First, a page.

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Handling caps for surnames with capitals in the middle (was: Irish Surnames)

by Baz (Friar)
on May 06, 2002 at 11:22 UTC ( #164280=perlquestion: print w/ replies, xml ) Need Help??
Baz has asked for the wisdom of the Perl Monks concerning the following question:

Heres are examples of some Isish Surnames -

McGinley
MacGee
DeVelera

With most surnames you can convert its lower case string to its correct form by calling ucfirst, but for the cases above, things are a bit more complicated. Anyway, does anyone have any suggestions on how to handle the above names.

Edit kudra, 2002-05-06 Changed title

Comment on Handling caps for surnames with capitals in the middle (was: Irish Surnames)
Re: Handling caps for surnames with capitals in the middle (was: Irish Surnames)
by ariels (Curate) on May 06, 2002 at 11:48 UTC

    Doesn't this depend on the person? I believe you can find Macdonalds and MacDonalds (not to mention McDonald's) coexisting in the phone books...

    It looks like you're short of luck: you have a social problem, so a technical solution won't do.

      Hmmm...well all the surnames im accessing are stored in a database as lower case strings. When I print them out I'd like to display them in the form I've discribed above i.e. mcgee to McGee and develere to DeVelera.

        If it were my surname you were mauling, I'd be more than a bit annoyed. I get enough of my surname's Anglicised (actually Brazilinated, but it's close enough) form being auto-"corrected" into the original Russian. I am actually capable of spelling it correctly, and I do just that.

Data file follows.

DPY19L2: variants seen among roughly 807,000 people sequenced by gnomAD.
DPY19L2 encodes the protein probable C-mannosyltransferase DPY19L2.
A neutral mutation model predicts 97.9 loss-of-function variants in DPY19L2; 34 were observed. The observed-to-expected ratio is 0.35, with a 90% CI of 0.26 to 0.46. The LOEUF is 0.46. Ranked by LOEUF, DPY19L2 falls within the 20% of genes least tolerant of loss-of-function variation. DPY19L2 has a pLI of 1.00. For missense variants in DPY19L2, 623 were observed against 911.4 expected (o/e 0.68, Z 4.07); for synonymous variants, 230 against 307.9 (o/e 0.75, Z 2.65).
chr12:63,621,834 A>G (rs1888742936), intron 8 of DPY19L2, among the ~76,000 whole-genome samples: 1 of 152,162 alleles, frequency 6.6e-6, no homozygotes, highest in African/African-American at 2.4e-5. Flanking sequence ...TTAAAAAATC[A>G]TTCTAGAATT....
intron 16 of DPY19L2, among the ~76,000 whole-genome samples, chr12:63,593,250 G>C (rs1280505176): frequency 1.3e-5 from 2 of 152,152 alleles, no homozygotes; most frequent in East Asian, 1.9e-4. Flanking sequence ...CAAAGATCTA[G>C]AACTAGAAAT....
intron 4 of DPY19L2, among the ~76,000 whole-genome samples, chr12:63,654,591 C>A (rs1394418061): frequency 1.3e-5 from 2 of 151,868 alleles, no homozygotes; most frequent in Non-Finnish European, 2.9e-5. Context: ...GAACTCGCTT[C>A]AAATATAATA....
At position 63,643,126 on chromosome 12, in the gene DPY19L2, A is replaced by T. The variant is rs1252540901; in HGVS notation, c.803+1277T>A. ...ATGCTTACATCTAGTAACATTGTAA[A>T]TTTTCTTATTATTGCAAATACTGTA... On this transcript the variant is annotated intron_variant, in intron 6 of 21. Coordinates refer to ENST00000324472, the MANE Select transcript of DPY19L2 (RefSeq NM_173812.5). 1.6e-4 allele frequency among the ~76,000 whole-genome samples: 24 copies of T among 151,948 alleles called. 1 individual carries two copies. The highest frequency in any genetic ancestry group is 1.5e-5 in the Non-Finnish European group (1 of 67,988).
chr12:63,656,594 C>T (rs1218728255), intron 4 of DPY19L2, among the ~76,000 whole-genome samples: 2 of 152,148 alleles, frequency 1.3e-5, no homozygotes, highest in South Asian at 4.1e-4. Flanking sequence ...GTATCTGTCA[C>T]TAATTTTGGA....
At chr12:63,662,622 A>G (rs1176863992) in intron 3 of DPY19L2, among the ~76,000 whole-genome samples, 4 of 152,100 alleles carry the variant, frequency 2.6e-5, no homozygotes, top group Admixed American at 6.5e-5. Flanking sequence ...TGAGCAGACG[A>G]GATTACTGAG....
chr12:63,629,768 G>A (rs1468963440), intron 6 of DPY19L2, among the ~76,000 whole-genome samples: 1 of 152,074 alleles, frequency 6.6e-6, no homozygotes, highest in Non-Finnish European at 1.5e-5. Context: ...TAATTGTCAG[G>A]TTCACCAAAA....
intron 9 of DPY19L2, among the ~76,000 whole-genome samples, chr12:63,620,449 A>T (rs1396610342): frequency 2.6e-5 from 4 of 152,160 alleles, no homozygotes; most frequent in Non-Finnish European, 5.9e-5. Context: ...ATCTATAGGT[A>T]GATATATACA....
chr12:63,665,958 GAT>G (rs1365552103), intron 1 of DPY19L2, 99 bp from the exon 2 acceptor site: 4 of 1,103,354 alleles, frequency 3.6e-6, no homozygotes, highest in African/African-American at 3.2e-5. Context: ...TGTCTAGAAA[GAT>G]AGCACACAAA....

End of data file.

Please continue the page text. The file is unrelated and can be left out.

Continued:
That said, you could

        $surname =~ s/^((?:Mc|Mac|De|Da|Du)?)(.*)$/\u\1\u\2/i;
        (assumes the surname starts off lower-cased).

        Other problems: not smart enough. E.g. <samp>'mack'</samp> becomes <samp>'MacK'</samp>, which is wrong; you might want .{3,} instead of .* in the regexp.

        But I really don't think you should be doing this...

        Wel, depending on whether you're validating (i.e. someone submits their name and you want th check if it's in the database or not) or doing something for each entry in a query (give me a list of every person in the database who likes cheeseburgers), you could just canonicalize in your query. Observe:
        $sth=$dbh->prepare(qq(select * from table where lower(last_name)=?)) o +r die "$dbh->errstr"; my ($new_last_name = $last_name) =~ tr/[A-Z]/[a-z]/; $sth->execute($new_last_name) or die "$dbh->errstr";
        Now, you can store the names on the database how ever you want, do your query, and return what the user actually entered in as their name (many have made the point that they know how to spell their own name). By translating both your string and what's on the database to lowercase, you are going to find the match regardless of what case it is on the database. Be warned though that this basically destroys any indexing that you may have had on that field, because the database doesn't know what the results of the lower() function will be until it actually does it. So, it must do it on every record on the table.
      But you might make an educated guess when you have no (reasonable) capitalisation. I think that's how humans treat this problem.

      i.e.

      "MacDonalds" eq handle_caps("irish","macdonalds"); "Macdonalds" eq handle_caps("irish","Macdonalds"); "MacDonalds" eq handle_caps("irish","MaCDOnaLDS");

      Assuming that "MacDonalds" is the 'preferred' spelling in Irish...

      - Joost.

How about Dutch Surnames?
by Joost (Canon) on May 06, 2002 at 11:53 UTC